Libreboot 20230625 released!

Leah Rowe

25 June 2023

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Article published by: Leah Rowe

Date of publication: 25 June 2023

PLEASE READ THIS BEFORE INSTALLING: Safety issues updating Libreboot on Sandybridge/Ivybridge/Haswell


Libreboot provides boot firmware for supported x86/ARM machines, starting a bootloader that then loads your operating system. It replaces proprietary BIOS/UEFI firmware on x86 machines, and provides an improved configuration on ARM-based chromebooks supported (U-Boot bootloader, instead of Google’s depthcharge bootloader). On x86 machines, the GRUB and SeaBIOS coreboot payloads are officially supported, provided in varying configurations per machine. It provides an automated build system for the configuration and installation of coreboot ROM images, making coreboot easier to use for non-technical people. You can find the list of supported hardware in Libreboot documentation.

Libreboot’s main benefit is higher boot speed, better security and more customisation options compared to most proprietary firmware. As a libre software project, the code can be audited, and coreboot does regularly audit code. The other main benefit is freedom to study, adapt and share the code, a freedom denied by most boot firmware, but not Libreboot! Booting Linux/BSD is also well supported.

This new release, Libreboot 20230625, released today 25 June 2023, is a new stable release of Libreboot. The previous stable release was Libreboot 20220710, released on 10 July 2022.


On newer Intel platforms that require Intel ME and/or MRC firmware, such as ThinkPad X230 or T440p, and/or HP laptops that require KBC1126 EC firmware, the release ROMs of Libreboot are MISSING certain files, that you must insert yourself. FAILURE to adhere to this warning may result in you bricking your machine (rendering it unbootable), if you were to flash the release ROMs without modifying them in any way. For more information, please read:

Insert binary blobs on Sandybridge/Ivybridge/Haswell

This isn’t required on all Libreboot-supported boards, but if in doubt, follow these instructions anyway. If you run blobutil on a board that doesn’t need blobs, nothing will happen.

A note about the changelog

The changes listed here are relative to Libreboot 20230423, not 20220710. Therefore, to get a full list of changes since 20220710 (the previous stable release, where releases in-between then and now were testing), you should read the 20221214, 20230319, 20230413 and 20230423 announcements before reading the 20230625 change log, in order to get a complete picture.

Build from source

This release was build-tested on Debian Sid, as of 25 June 2023. Your mileage may vary, with other distros. Refer to Libreboot documentation.

Work done since last release

New mainboards now supported:

These boards were added to Libreboot:

The focus has been on stability, auditing the build system and fixing bugs, thus hardware support is not greatly improved since the last release. Moving forward, the next Libreboot release will be a testing release and will focus on hardware support in addition to payloads (linux boot, UEFI etc).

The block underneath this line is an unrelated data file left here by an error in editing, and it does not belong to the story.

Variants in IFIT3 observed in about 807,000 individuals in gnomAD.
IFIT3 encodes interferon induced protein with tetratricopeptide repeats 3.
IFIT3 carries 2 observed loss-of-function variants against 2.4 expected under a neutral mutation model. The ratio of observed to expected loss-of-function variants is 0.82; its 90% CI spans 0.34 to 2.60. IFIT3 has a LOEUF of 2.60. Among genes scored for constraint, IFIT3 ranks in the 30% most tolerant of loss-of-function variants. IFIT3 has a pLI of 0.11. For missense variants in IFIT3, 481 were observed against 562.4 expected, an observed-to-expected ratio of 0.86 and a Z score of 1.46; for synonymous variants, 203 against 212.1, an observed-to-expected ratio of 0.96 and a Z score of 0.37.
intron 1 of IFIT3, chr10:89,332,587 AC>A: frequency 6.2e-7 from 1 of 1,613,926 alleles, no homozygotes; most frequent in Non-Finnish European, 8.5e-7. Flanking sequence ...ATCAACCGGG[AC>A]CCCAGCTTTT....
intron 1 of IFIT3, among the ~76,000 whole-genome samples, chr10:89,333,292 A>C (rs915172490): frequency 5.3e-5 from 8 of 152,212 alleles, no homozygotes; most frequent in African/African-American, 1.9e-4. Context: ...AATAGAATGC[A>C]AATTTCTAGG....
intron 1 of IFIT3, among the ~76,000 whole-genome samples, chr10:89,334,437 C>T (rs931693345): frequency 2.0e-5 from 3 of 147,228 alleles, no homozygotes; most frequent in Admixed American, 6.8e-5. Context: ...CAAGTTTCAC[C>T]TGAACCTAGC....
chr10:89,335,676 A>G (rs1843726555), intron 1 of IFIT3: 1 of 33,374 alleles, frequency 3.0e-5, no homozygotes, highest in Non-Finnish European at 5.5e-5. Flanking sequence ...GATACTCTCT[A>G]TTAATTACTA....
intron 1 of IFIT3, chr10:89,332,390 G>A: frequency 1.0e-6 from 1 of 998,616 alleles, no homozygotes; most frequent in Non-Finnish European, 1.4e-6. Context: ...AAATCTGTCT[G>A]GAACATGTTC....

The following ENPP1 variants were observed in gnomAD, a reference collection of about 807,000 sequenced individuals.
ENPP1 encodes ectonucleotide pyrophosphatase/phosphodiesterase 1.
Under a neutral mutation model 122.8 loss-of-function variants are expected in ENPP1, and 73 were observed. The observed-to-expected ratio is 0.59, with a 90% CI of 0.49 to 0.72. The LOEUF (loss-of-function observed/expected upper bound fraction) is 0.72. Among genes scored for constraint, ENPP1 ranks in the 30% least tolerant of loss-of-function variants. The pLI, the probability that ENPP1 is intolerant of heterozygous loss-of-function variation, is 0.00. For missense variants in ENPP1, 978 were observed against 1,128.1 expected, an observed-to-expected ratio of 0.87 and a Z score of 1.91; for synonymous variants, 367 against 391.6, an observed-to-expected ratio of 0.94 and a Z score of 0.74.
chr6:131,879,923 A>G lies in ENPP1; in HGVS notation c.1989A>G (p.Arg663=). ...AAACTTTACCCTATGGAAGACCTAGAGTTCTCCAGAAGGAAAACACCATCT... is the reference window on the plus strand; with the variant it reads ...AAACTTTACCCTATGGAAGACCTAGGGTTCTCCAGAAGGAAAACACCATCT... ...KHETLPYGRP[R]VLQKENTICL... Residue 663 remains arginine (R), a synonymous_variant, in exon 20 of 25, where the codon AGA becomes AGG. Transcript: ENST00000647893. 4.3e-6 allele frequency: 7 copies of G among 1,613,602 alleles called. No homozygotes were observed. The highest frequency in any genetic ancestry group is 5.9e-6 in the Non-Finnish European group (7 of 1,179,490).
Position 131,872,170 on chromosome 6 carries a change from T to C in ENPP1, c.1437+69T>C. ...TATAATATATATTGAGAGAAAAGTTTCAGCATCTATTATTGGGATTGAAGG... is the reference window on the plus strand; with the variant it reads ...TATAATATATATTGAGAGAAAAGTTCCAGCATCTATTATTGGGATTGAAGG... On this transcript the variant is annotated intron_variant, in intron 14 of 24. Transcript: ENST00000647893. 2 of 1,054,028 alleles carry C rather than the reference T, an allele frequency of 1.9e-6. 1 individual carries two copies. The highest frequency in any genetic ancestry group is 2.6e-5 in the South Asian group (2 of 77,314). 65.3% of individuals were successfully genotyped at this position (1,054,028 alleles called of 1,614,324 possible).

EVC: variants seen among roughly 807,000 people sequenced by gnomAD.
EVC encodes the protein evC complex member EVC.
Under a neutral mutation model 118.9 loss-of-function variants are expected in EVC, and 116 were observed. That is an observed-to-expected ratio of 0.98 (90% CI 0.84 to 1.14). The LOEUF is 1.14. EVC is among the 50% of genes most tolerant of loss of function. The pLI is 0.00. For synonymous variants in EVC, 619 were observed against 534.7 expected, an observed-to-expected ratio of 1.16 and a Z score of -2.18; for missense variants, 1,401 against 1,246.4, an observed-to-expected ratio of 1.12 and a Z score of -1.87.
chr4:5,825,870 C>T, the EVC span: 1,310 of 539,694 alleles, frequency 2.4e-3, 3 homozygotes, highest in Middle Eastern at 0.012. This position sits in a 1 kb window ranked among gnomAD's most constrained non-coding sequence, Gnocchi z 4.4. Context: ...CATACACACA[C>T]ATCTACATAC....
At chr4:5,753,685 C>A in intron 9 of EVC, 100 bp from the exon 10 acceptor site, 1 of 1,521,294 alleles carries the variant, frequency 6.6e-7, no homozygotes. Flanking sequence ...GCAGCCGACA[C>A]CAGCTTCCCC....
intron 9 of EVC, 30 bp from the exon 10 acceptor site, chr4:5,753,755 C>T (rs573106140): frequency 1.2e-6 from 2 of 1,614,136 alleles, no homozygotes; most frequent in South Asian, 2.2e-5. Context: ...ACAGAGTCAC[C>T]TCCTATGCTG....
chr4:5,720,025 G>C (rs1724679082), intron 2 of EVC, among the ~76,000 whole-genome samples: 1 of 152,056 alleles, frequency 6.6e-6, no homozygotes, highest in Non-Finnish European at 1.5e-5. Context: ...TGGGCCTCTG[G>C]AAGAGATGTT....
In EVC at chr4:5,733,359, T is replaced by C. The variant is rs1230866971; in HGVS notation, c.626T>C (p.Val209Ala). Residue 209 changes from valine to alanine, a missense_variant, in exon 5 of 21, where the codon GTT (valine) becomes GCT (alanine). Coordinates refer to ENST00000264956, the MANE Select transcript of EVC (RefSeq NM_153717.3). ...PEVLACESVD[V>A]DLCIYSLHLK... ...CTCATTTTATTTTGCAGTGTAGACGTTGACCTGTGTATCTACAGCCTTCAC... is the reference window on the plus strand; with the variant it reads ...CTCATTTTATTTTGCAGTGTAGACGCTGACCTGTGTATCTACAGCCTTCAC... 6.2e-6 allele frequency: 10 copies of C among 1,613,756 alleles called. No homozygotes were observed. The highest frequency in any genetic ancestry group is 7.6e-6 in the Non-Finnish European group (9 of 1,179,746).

No-microcode ROMs available

Since Libreboot 20221214 and up, CPU microcode is included by default on all applicable x86 mainboards. However, Libreboot provided (and still provides) documentation for how to manually remove it.

Such removal is still possible, but this release now provides two sets of ROM images for each x86 mainboard: one set of ROMs will contain CPU microcode, and another set excludes them. For more context, see Binary Blob Reduction Policy and Freedom Status.

An earlier article was written about this, here

Massive build system audit

The full change log below will list all build system changes, but may not provide the overall picture, so to be clear: the Libreboot build system has undergone an intense audit since the last release. Over half of it has been re-written, or heavily re-factored. The logic is much cleaner now (better coding style, based on the OpenBSD coding style) and many bugs are fixed.

An earlier article was written about this, here

Full list of build system changes

Certain build system changes will not be listed here in detail, if they pertain to general code style cleanup/re-factoring, as already alluded to in the section above. However, specific bug fixes will be listed here, some of which are also referenced in the article linked above.

Newest changes first, oldest changes last:

Hardware supported in this release

All of the following are believed to boot, but if you have any issues, please contact the Libreboot project. They are:

Desktops (AMD, Intel, x86)

Laptops (Intel, x86)

Laptops (ARM, with U-Boot payload)


You can find this release on the downloads page. At the time of this announcement, some of the rsync mirrors may not have it yet, so please check another one if your favourite one doesn’t have it.

Post-release errata

When building ROM images from the release archives, the following error is observed in some cases, depending on distro:

In file included from src/lib/version.c:4:
build/build.h:10:32: error: 'libreboot' undeclared here (not in a function)
   10 | #define COREBOOT_MAJOR_VERSION libreboot-20230625
      |                                ^~~~~~~~~
src/lib/version.c:35:46: note: in expansion of macro 'COREBOOT_MAJOR_VERSION'
   35 | const unsigned int coreboot_major_revision = COREBOOT_MAJOR_VERSION;
      |                                              ^~~~~~~~~~~~~~~~~~~~~~

This happened when a user tried to build for ThinkPad W541 on an Arch Linux system. The fix is available here:

Apply this patch to your local release archive, and it should fix the issue.

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